BOSTON (State House News Service) – Predicting the federal government will step back from its prior level of enforcement of environmental protections and civil rights, Attorney General Maura Healey said her office will see an added workload and will need more money to keep up.
Speaking to lawmakers who control her budget, Healey asked them to increase Gov. Charlie Baker’s recommendation of a roughly $47 million appropriation by about $3 million.
“We’re facing new threats to public safety and the demands on our office really have never been greater,” Healey said at a hearing of the House and Senate Ways and Means committees, citing the ongoing opiate crisis and changes in Washington, D.C.
After her roughly 25-minute testimony, Healey told reporters, “Whether you’re talking about workers’ rights, consumer rights, the environment, civil rights, we are not going to see enforcement like we’ve seen in the past from the federal government, from the federal administration. They’ve been very clear.”
Healey and many others decried a Trump administration move rescinding earlier federal guidance to public schools about accommodating transgender students, though the move will not have direct bearing on Massachusetts students.
In his joint address to Congress last month, Trump said, “While we may be a nation divided on policies, we are a country that stands united in condemning hate and evil in all of its very ugly forms.”
The attorney general said she could not quantify with specificity the impact of the Trump administration on her office’s budget, but said, “It’s certainly creating demands on our office that we have never seen before.”
President Donald Trump has promised to cut regulations that he says hinder business growth, and has touted a “law and order” approaches towards crimes like drug trafficking.
In February, Trump signed an executive order instructing Attorney General Jeff Sessions to establish a task force focused on “destroying transnational criminal organizations and drug cartels.”
“They have fueled addiction and fatal overdoses,” the White House wrote in a blog post. “They will no longer operate with impunity in this country or this hemisphere.”
Healey acknowledged the U.S. Department of Justice might step up efforts to crack down on criminal drug-dealing syndicates, which is a goal Healey shares.
On Thursday, Healey said the opiate crisis that has galvanized policymakers into action in recent years “hasn’t abated or diminished,” and asked for a doubling of a line-item under her office’s account to address the problem, bringing the funding up to $2 million.
“It will go a lot towards drug trafficking, enforcement of drug trafficking laws,” Healey told reporters about the opiate line item. She said it would also finance efforts to provide access to treatment, education initiatives and other efforts.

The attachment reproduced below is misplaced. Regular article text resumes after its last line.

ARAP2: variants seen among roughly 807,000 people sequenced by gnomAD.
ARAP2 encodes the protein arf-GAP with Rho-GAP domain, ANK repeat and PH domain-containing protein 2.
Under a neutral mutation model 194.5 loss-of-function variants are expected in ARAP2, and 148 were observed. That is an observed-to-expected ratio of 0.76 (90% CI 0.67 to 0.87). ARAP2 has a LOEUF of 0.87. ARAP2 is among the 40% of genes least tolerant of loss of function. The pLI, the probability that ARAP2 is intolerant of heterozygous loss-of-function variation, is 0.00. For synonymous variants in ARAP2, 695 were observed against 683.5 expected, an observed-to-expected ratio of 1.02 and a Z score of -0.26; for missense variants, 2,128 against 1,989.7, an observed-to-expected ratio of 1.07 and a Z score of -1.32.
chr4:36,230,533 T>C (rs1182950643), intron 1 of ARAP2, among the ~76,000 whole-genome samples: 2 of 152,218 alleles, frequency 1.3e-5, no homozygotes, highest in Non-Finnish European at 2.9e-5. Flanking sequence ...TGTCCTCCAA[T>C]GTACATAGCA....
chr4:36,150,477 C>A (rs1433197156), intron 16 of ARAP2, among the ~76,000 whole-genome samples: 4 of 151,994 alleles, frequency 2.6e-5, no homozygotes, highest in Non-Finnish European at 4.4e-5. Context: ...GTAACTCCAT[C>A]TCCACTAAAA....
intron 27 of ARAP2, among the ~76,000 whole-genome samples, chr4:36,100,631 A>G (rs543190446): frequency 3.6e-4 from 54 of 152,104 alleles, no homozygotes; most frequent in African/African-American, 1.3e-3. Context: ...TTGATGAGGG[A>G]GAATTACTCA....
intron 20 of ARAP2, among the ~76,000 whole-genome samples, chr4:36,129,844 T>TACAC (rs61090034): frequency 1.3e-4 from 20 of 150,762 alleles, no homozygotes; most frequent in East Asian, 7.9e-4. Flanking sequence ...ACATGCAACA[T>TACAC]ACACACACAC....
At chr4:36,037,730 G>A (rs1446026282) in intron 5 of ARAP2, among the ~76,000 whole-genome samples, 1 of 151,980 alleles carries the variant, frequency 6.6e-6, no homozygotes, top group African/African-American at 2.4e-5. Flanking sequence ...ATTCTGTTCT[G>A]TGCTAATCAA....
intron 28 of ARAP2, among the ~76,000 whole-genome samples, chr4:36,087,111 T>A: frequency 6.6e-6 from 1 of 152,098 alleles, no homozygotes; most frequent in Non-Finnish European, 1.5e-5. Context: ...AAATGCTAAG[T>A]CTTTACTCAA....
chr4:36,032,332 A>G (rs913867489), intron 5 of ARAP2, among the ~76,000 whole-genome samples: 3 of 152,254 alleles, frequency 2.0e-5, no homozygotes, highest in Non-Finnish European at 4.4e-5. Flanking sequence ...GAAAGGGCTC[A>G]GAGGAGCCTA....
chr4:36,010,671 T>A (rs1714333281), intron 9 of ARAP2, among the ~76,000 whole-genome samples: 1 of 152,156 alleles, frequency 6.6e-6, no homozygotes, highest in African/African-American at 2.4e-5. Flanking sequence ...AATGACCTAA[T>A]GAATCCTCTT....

Healey said additional funding would also help her office address “new legal challenges” associated with a new public records law and “unprecedented issues around marijuana.”
Healey faced questions from four lawmakers on the budget-writing committees, including Senate Judiciary Chairman William Brownsberger who asked how many staffers are working on combating the threat of deadly and addictive opioids.
“Not enough,” Healey responded. She said her office has 574 employees, including 268 lawyers, and there is a team of State Police detectives and four prosecutors assigned to the enterprise and major crimes unit, describing the crime-fighting group as a “lean team.”
The Charlestown Democrat who has repeatedly disavowed interest in seeking the governorship said she wanted to learn whether the Department of Justice might increase its efforts to take on criminal networks.
“We’re going to have to see,” Healey said. She said, “I am anxious to get more clarity from the Department of Justice about their priorities, about how they’re going to use their resources.”
As her office has sought to raise the profile of its wage law enforcement, Healey said there has been an increase in wage theft complaints, and she said immigrants are particularly vulnerable to being short-changed by employers.
“Our enforcement of wage theft is certainly increasing,” Healey said. She said, “Immigrant workers have always been vulnerable in this area. I think they are feeling especially vulnerable right now.”
Healey said in the first six months of fiscal 2017, the Fair Labor Division sent $879,724 in penalties to the state’s General Fund, which is more than the total penalties assessed the year prior.
Copyright 2017 State House News Service